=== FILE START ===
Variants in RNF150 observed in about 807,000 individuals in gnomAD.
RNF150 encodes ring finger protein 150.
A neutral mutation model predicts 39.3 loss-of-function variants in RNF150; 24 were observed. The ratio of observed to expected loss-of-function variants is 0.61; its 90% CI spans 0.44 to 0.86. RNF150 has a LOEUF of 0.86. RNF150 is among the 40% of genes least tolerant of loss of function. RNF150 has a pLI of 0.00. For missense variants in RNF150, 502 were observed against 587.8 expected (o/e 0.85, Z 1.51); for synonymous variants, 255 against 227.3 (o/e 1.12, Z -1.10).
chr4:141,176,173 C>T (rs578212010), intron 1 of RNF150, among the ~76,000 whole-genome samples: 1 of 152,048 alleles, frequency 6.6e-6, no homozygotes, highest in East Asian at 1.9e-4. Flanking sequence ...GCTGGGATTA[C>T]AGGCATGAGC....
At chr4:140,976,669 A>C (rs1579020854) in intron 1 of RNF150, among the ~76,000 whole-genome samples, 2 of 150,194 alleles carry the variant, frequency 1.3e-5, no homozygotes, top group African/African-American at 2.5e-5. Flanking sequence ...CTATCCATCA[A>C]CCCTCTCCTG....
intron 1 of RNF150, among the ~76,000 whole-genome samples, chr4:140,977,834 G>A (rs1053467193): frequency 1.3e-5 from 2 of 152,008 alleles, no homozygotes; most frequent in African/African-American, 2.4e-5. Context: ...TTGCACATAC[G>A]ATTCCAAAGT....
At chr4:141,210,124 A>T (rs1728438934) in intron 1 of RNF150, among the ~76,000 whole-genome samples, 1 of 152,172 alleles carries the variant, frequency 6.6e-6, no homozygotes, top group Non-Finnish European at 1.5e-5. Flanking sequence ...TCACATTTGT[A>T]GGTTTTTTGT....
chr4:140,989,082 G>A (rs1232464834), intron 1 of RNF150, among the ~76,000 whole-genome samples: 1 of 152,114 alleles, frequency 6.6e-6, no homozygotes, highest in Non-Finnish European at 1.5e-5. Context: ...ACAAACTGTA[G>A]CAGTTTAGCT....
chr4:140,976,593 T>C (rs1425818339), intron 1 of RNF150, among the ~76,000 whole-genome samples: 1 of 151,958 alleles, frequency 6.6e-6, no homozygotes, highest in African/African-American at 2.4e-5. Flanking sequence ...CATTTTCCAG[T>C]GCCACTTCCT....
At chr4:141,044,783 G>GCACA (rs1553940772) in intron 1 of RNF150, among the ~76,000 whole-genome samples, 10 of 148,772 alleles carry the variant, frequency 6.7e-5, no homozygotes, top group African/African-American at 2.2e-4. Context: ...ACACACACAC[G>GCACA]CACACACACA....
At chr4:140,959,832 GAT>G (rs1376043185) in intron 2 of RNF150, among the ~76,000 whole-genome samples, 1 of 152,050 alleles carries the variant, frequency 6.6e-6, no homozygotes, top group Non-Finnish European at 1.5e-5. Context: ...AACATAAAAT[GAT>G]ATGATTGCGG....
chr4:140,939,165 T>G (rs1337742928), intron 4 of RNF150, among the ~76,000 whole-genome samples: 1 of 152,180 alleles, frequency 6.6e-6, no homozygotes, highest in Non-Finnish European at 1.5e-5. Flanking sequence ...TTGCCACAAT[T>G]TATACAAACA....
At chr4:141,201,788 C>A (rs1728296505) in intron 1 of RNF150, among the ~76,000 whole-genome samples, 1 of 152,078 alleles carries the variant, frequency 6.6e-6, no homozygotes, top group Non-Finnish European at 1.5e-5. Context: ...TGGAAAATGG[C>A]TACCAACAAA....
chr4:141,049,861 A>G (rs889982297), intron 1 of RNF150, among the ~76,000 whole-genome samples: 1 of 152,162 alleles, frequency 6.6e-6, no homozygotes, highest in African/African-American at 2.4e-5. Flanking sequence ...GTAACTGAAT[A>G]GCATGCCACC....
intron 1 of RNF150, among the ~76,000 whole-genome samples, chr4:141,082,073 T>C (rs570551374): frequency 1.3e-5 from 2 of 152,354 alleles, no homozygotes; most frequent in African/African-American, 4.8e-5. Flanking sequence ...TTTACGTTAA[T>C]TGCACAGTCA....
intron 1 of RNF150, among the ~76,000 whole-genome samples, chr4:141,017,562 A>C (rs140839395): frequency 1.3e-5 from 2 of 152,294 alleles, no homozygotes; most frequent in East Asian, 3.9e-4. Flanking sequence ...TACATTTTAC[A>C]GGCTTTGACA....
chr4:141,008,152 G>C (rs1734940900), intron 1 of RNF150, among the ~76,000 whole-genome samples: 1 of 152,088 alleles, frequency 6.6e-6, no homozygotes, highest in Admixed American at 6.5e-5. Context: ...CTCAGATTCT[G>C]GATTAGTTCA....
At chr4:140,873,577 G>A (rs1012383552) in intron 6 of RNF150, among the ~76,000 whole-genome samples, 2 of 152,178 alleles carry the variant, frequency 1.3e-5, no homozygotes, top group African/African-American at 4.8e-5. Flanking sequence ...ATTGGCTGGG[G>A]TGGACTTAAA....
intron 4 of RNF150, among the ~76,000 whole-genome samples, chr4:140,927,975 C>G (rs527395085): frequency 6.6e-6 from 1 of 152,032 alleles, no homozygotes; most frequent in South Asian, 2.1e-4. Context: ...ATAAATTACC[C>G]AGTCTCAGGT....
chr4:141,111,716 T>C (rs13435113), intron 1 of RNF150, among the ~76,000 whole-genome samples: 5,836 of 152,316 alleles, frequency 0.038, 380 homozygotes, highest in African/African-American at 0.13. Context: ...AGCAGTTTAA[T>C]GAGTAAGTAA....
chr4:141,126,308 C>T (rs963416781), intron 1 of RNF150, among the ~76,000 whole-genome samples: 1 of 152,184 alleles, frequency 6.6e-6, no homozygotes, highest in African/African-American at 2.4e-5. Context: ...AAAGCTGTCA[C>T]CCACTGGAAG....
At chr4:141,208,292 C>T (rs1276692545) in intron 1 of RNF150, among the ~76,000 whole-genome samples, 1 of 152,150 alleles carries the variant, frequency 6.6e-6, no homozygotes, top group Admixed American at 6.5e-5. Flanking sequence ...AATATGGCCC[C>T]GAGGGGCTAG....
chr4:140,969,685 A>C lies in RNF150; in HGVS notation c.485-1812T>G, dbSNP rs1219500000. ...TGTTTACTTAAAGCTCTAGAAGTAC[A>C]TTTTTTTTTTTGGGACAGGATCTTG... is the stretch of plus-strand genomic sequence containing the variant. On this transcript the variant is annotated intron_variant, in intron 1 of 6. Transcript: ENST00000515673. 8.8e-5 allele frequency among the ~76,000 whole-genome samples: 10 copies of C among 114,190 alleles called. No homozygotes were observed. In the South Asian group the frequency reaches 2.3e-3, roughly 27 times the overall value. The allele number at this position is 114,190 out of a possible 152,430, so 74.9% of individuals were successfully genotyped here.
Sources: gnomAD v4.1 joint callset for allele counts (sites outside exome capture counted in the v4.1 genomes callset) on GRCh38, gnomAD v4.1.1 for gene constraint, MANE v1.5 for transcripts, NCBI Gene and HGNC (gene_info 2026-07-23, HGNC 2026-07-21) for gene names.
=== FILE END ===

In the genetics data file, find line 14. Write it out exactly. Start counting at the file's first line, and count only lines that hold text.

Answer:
chr4:141,049,861 A>G (rs889982297), intron 1 of RNF150, among the ~76,000 whole-genome samples: 1 of 152,162 alleles, frequency 6.6e-6, no homozygotes, highest in African/African-American at 2.4e-5. Flanking sequence ...GTAACTGAAT[A>G]GCATGCCACC....